News

Supreme Court Refuses to Hear Tim McGraw-Curb Case

The Tennessee Supreme Court has refused to hear Curb Record’s appeal of a lower court’s ruling that Tim McGraw was free to record with whomever he wished while his legal fight with his longtime label continued through the court system, the Tennessean's music blog reports. McGraw recently released “Two Lanes of Freedom” with Big Machine Records, the first album of his career not to be released on Curb.

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Perfume Patent Holder Sued for Defamation

Derek Bishopp, the inventor of the now ubiquitous pull-apart paper strip used by perfume advertisements in consumer magazines, is being sued by Chattanooga company Arcade Inc. for defamation, according to the Chattanooga Times Free Press. Bishopp posted online allegations and other negative comments alleging Arcade owes him nearly $3 million stemming from a 1993 contract. Attorneys for Arcade claim the contract was fulfilled years ago and have asked Hamilton Circuit Court Judge Marie Williams to stop Bishopp from continuing disparaging statements.

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Patent Attorney Merges Science Background with Law

After obtaining his undergraduate degree in biomedical engineering, Hermant Gupta prepared for a promising career in medical research until he met a patent lawyer. Instead of completing his master degree as he originally intended, Gupta entered the University of Memphis Cecil C. Humphreys School of Law. He is now one of a handful of patent lawyers in private practice in Memphis. The Memphis Daily News has more in its Law Talk column

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Court Asked to Review Landmark File-Sharing Case

Infamous file-sharer Jammie Thomas-Rasset asked the U.S. Supreme Court on Monday to review a jury’s conclusion that she pay the recording industry $222,000 for downloading and sharing two dozen copyrighted songs on the now-defunct file-sharing service Kazaa. Thomas-Rasset, the first person to defend herself against a file-sharing case, said the damages were unconstitutionally excessive and were not rationally related to the harm she caused to the labels. The court previously declined two other file-sharing cases brought before it. Learn more about the case on Wired.com

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Senate Approves Increased Email Privacy Legislation

The Senate Judiciary Committee has approved legislation that would require police to obtain a search warrant from a judge before allowing a person’s email or other electronic communication to be reviewed. The bill makes it slightly more difficult for the government to access the content of a consumer’s emails and private files from Google, Yahoo, Facebook, and other sources. Under the current law, the 1986 Electronic Communications Privacy Ac, a warrant is needed only for emails less than 6 months old.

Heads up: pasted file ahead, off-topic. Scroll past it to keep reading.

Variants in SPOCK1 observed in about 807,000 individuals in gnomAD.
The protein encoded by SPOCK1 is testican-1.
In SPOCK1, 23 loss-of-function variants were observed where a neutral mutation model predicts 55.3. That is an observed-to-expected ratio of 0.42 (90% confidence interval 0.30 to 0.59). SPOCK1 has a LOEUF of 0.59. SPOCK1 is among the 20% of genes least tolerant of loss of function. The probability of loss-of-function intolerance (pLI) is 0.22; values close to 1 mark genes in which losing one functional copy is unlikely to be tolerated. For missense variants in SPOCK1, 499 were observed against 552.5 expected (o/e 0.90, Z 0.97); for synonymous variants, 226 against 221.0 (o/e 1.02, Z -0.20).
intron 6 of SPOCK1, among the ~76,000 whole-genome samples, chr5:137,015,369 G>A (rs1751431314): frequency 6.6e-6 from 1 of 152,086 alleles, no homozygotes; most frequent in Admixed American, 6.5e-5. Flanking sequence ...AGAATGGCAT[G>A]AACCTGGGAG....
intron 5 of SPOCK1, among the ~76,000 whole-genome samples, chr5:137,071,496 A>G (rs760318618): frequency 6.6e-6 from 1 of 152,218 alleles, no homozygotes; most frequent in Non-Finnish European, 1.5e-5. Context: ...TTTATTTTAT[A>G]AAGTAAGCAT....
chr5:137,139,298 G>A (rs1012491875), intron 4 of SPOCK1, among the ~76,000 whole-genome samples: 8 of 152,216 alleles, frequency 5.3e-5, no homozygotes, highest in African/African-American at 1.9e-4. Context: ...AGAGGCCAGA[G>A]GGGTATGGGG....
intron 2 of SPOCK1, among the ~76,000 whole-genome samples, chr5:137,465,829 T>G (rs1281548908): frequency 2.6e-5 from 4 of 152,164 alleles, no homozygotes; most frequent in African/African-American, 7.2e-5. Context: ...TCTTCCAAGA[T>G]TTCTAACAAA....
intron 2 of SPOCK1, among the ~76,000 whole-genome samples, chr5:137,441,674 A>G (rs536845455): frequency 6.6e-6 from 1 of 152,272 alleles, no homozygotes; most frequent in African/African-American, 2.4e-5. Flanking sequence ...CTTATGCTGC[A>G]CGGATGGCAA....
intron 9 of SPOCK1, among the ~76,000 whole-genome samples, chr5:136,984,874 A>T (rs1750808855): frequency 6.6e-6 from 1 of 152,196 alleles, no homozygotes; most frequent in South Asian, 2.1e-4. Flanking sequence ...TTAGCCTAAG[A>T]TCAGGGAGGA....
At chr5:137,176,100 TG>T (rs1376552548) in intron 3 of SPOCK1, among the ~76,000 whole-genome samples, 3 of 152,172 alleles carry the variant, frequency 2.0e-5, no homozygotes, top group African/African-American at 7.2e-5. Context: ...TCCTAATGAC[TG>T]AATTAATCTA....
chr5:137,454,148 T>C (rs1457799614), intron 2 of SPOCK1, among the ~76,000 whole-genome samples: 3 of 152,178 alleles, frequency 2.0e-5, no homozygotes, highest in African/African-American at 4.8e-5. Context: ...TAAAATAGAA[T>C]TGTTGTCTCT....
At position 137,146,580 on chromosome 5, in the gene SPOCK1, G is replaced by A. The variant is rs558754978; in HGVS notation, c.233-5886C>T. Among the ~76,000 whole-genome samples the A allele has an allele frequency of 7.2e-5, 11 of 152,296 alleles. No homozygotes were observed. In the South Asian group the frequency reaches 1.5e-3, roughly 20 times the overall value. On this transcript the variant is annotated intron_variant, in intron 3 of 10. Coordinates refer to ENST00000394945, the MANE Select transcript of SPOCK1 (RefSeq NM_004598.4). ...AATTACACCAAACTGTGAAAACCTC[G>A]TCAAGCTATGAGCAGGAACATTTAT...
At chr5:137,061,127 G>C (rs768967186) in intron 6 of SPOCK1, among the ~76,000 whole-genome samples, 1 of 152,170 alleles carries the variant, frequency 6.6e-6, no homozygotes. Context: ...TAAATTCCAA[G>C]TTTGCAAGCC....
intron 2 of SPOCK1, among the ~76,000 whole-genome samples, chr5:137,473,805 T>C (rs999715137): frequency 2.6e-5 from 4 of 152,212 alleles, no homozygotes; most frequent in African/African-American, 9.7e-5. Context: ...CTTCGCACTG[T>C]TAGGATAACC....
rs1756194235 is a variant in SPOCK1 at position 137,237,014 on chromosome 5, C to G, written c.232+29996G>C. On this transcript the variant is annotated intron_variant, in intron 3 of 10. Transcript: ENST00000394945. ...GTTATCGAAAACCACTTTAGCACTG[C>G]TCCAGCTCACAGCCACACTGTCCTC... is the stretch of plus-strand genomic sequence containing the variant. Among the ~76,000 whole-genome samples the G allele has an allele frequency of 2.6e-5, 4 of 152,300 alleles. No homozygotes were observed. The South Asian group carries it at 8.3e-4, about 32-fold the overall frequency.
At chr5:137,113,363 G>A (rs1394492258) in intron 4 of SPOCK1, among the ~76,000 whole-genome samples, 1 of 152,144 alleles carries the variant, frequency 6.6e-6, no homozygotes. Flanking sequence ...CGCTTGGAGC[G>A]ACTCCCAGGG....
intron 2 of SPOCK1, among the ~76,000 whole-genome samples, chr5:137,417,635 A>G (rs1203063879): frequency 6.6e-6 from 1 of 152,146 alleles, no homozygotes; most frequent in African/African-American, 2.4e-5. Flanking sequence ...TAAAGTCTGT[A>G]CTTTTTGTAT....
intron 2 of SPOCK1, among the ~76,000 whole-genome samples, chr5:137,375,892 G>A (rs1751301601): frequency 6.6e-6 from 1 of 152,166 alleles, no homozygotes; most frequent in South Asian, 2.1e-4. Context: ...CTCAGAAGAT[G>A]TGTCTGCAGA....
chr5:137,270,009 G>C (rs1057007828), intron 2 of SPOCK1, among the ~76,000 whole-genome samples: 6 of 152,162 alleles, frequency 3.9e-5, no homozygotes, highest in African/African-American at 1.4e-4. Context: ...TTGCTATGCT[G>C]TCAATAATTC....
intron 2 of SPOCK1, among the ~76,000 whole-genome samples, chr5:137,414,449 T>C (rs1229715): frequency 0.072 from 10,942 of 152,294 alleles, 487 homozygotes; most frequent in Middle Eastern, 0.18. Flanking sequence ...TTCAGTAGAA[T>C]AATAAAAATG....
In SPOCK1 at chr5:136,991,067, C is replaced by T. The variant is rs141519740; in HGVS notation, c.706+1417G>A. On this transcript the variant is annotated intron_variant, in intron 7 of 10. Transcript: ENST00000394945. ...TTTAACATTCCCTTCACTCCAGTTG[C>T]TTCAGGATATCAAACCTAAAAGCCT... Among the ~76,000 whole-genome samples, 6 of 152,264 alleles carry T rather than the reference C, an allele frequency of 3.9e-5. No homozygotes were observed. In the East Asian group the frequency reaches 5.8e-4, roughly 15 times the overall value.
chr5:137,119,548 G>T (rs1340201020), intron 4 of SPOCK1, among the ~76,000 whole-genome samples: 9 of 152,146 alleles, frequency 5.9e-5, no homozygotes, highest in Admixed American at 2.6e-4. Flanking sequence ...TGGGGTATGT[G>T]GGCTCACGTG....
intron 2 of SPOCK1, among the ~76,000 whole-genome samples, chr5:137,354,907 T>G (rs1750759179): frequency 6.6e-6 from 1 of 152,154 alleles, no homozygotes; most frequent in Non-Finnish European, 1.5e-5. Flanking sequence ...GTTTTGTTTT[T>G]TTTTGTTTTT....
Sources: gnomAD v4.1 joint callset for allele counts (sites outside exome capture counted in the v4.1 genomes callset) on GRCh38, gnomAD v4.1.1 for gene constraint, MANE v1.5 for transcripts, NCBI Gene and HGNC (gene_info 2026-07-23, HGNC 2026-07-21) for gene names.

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3 Settle in DOJ E-Book Lawsuit

Three companies involved in an e-book pricing lawsuit have settled and agreed to fund a $69 million pool to pay 30 cents to $1.32 per book credit to consumers who bought qualifying e-books between April 1, 2010, and May 21, 2012. Apple, Mcmillan, and Penguin opted not to settle and will go to trial next June in the suit filed in April by the Department of Justice,  WCYB News reports.

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Twitter Turns Over Tweets in 'Occupy' Case

Twitter today agreed to hand over about three months' worth of tweets to a judge overseeing the criminal trial of an Occupy Wall Street protester, the Associated Press reports. The case has become closely watched in the fight over how much access law enforcement agencies should have to material posted on social networks. The social networking site had been threatened with steep fines if it did not comply with Judge Matthew Sciarrino Jr.'s order to turn over the records in the case of Malcolm Harris. The judge said he would keep the records sealed until after a Sept. 21 hearing challenging his ruling on the messages.

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Decade-Long Music Ownership Battle Ends

The 10-year legal battle over ownership rights to the 1993 hit song “Whoomp! (There It Is)” finally concluded with a $2 million award, The Tennessean reports. A Texas jury found in favor of Alvertis Isbell and his attorney Richard Busch of the Nashville firm King & Ballow over ownership rights to the composition.

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File Sharing Opinion Avoids Ruling on Key Issue